Real Name:
    Patrick McCart
    I think the P&S version should cost 3 times as much...
    Remember that widescreen versions don't need as much work done on them as a cropped version.
    ------------------
    Visit my DVD review site, 24 fps DVD Reviews @ http://cztoondb.tripod.com/DVD/
    and
    The Colorized Cartoon Database @ http://cztoondb.tripod.com/
     
  8. Eugene Hsieh

    Eugene Hsieh Supporting Actor

    Joined:
    Jun 30, 1997
    Messages:
    550
    Likes Received:
    0
    Trophy Points:
    0
    They shouldn't HAVE to do anything. It's a business afterall. I really dislike P/S, but hell if I stood to make $234524625234536234 for my company by releasing P/S movies I sure as hell would.
     
  9. Keith_R

    Keith_R Screenwriter

    Joined:
    Jun 16, 2001
    Messages:
    1,172
    Likes Received:
    0
    Trophy Points:
    110
    Location:
    FL
    Real Name:
    Kyle
    I think it has been proven before that J6P doesn't really care about P&S VS. WS. I really like this idea though of realeasing a less packed DVD VS. the packed WS DVD.
    ------------------
    -Keith-
     
  10. Ken_McAlinden

    Ken_McAlinden Producer
    Reviewer

    Joined:
    Feb 20, 2001
    Messages:
    6,190
    Likes Received:
    76
    Trophy Points:
    9,110
    Location:
    Livonia, MI USA
    Real Name:
    Kenneth McAlinden
    Does anyone know if Universal was purposely favoring the pan & scan version of Mummy Returns as far as their rental revenue sharing agreements. It struck me a bit odd that Netflix is not stocking the widescreen version when they seemed to stock only the widescreen version of Remember the Titans previously.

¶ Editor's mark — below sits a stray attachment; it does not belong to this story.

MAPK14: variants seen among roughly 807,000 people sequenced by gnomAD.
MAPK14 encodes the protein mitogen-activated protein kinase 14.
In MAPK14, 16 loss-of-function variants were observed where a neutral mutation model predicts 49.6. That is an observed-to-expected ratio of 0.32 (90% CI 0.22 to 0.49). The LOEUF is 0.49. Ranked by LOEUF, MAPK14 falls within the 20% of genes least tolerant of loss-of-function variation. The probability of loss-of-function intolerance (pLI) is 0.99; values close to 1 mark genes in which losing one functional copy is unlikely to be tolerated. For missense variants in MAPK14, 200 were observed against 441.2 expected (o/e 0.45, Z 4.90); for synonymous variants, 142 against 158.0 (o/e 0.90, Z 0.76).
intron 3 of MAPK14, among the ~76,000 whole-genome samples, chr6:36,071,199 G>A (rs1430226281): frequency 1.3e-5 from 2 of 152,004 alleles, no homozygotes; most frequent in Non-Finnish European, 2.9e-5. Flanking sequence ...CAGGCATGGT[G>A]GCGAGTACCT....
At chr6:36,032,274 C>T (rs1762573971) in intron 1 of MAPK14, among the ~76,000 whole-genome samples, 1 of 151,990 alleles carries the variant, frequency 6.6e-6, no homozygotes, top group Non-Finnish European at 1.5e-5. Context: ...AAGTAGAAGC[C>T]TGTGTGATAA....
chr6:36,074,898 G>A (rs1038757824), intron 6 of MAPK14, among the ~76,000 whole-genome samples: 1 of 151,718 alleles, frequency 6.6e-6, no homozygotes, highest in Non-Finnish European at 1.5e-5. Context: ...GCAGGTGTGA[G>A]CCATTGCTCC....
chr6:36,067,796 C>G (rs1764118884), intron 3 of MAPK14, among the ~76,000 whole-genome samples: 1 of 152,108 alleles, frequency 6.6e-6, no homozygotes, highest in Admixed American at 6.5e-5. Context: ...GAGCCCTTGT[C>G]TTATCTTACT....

Regards,
    ------------------
    Ken McAlinden
    Livonia, MI USA
     
  11. MichaelPe

    MichaelPe Screenwriter

    Joined:
    Feb 22, 1999
    Messages:
    1,115
    Likes Received:
    0
    Trophy Points:
    0
    quote: I think the P&S version should cost 3 times as much...
    Remember that widescreen versions don't need as much work done on them as a cropped version.[/quote]
    Yes, but extras cost more. [​IMG] That's why I think it would be wise for both versions to be priced exactly the same. That way, the consumer can choose which version he/she prefers (assuming the store has both versions available side by side).
    Besides, someone who buys a pan-and-scan DVD does not care about having the best possible presentation of a film. That is why my suggestion about having no extras and no 5.1 makes sense.
    Why should studios waste their time on making a feature-packed P&S DVD when the consumer won't even care about the 5.1 sound or the extra features?
    In fact, why do these "less-informed" consumers even own DVD players? VHS should be more than sufficient for them if they, in fact, don't care about having the best possible presentation of a film.
    quote: They shouldn't HAVE to do anything. It's a business afterall. I really dislike P/S, but hell if I stood to make $234524625234536234 for my company by releasing P/S movies I sure as hell would.[/quote]
    Good point. But remember that studios are losing sales on already-released widescreen titles because the J6Ps are not buying them (or returning them after seeing those evil black bars). If studios want these widescreen titles to sell, then informing the public is the best (and most cost efficient) solution.
    Why should Warner (hypothetically) go back and spend money to master a new version of "The Matrix" with a pan-and-scan transfer, when they could simply inform the public that the widescreen version is superior? Not only would they save money, but they would sell more copies of the widescreen version that already exists.
    If consumers are well-educated, then there is no need to release DVDs in both formats. Honestly, I believe that consumers can be taught which format is superior.
    After all, these J6Ps have evolved and are buying DVD players. Why? Because they were convinced after they saw the advantages - better picture, better sound, ... I think the key word here is "convince". The less-informed crowd has to be convinced that widescreen is superior. It is simply not enough to persuade them that widescreen is better. It has to be proven to them. [​IMG]
    ------------------
    http://www.hometheaterforum.com/uub/Forum9/HTML/005780-2.html
    MY TOP 20 OF 2001
    [Edited last by Michael Perez on October 12, 2001 at 07:22 PM]
     
  12. TomRS4

    TomRS4 Stunt Coordinator

    Joined:
    Mar 21, 1999
    Messages:
    50
    Likes Received:
    0
    Trophy Points:
    0
     

Share This Page